Teaching Gender Through Films on Sportswomen: Contrary Messages

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Author: Ankita Chakravarty, West Bengal National University of Juridical Sciences, Kolkata, India
Email: ankita.c@nujs.edu
Published: June 05, 2020
https://doi.org/10.22492/ijah.7.1.10

Citation: Chakravarty, A. (2020). Teaching Gender Through Films on Sportswomen: Contrary Messages. IAFOR Journal of Arts & Humanities, 7(1). https://doi.org/10.22492/ijah.7.1.10


Abstract

It is increasingly essential that teachers focus on media-based ways of teaching and learning. Hence, educators include films to provoke discussions and analyses of concepts. Scholars investigating women in films have shown the dominance of gendered constructions and representations. However, there have been few studies evaluating films on Indian sportswomen, although there have been numerous films on this, from Chak De India to Mary Kom, Dangal and, more recently, Panga. Specifically presented within the context of a developing country like India, these films have been heralded as life-affirming narratives for women, which will supposedly help in improving the life conditions of girls and women in society – the stark reality of our country being reflected in adverse gender ratios, female foeticide and infanticide, among other ills. However, in fact, many of these films actually reaffirm conventional notions of patriarchy and masculinity. This article assesses the utility of teaching gender and empowerment through two prominent films on sportswomen – Chak De! India and Bend it like Beckham, which continue to be seen as iconic films. By engaging in critical content analysis and a systematic reading of the narratives, the article highlights that these films, ironically, predominantly identify sports with masculine achievements, wherein women’s successes are reduced to supporting narratives. Hence, the gender order is upheld with the identification of the “masculine” with the aggression and vigour associated with sports, while the “feminine” is identified and marked as secondary and inferior, with “her” worth being determined by, and reflecting, “his” success on the sports platform.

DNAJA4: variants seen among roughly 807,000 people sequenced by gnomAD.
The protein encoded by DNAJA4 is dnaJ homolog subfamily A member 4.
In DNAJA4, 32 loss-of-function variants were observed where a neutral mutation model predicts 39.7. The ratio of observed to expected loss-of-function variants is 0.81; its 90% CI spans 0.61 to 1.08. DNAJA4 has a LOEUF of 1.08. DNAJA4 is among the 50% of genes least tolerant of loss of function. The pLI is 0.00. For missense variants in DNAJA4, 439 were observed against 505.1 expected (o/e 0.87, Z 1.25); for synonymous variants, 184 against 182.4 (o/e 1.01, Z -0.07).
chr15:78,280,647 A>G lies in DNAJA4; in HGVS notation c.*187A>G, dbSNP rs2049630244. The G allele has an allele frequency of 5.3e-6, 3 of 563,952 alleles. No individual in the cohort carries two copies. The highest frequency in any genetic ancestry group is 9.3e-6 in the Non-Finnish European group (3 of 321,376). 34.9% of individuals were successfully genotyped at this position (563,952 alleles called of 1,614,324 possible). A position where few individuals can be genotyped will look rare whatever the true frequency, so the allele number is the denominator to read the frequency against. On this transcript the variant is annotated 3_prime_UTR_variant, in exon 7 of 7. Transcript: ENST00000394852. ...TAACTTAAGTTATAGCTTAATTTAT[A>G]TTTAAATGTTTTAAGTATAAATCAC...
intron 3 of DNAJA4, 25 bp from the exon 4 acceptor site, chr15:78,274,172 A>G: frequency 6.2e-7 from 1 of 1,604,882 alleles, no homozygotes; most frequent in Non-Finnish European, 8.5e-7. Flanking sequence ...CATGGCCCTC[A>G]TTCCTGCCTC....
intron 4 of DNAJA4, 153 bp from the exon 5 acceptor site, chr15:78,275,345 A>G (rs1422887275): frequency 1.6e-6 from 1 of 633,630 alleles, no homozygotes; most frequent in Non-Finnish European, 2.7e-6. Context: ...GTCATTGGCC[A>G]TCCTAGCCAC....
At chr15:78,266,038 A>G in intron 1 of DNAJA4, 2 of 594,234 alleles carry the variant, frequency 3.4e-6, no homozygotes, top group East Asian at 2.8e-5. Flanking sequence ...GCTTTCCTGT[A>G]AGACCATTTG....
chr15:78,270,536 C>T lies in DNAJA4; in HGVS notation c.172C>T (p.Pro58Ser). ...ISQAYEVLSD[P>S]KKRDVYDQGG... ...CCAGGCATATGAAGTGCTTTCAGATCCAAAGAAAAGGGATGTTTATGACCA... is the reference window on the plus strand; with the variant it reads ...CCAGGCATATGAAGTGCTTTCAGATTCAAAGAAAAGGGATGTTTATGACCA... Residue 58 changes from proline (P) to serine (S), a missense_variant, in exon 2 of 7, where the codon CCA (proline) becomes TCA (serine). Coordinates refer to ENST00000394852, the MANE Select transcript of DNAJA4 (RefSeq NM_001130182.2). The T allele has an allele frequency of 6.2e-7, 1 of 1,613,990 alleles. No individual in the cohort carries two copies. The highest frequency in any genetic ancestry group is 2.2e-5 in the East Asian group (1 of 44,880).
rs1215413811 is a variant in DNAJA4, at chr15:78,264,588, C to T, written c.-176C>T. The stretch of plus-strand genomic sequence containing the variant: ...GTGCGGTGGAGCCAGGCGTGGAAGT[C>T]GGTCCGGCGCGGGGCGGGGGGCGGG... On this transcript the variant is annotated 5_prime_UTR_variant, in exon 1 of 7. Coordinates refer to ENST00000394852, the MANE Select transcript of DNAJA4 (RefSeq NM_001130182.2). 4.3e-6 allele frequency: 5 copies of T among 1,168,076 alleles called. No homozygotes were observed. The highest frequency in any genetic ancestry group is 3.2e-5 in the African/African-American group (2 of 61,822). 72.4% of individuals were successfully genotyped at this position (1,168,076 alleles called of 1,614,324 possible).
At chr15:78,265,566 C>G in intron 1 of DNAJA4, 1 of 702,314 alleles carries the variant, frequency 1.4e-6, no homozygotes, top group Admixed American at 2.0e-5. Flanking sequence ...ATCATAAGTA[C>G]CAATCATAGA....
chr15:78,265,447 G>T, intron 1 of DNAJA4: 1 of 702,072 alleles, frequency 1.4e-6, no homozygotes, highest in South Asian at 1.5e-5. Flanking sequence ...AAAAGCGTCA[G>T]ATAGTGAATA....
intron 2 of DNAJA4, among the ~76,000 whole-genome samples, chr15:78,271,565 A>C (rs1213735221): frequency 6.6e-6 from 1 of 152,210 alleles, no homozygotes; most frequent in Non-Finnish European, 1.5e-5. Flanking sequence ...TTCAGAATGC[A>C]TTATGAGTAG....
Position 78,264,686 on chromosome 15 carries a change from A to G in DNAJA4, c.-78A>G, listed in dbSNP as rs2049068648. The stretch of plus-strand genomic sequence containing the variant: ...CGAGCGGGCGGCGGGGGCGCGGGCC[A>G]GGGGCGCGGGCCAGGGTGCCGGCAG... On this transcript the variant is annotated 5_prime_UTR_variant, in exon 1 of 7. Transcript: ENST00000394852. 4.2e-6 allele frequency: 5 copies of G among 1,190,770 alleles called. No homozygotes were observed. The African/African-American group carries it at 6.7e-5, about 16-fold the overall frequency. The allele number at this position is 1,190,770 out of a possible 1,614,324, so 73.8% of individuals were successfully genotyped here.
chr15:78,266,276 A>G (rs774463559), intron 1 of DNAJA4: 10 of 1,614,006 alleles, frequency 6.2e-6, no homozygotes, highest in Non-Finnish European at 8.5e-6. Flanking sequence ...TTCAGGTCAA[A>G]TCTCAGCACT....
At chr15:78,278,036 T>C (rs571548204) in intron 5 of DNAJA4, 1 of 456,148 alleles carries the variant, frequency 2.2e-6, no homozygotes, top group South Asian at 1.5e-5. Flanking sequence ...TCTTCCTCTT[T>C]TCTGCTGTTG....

Keywords: cinematic representations, Indian sportswomen, patriarchy, teaching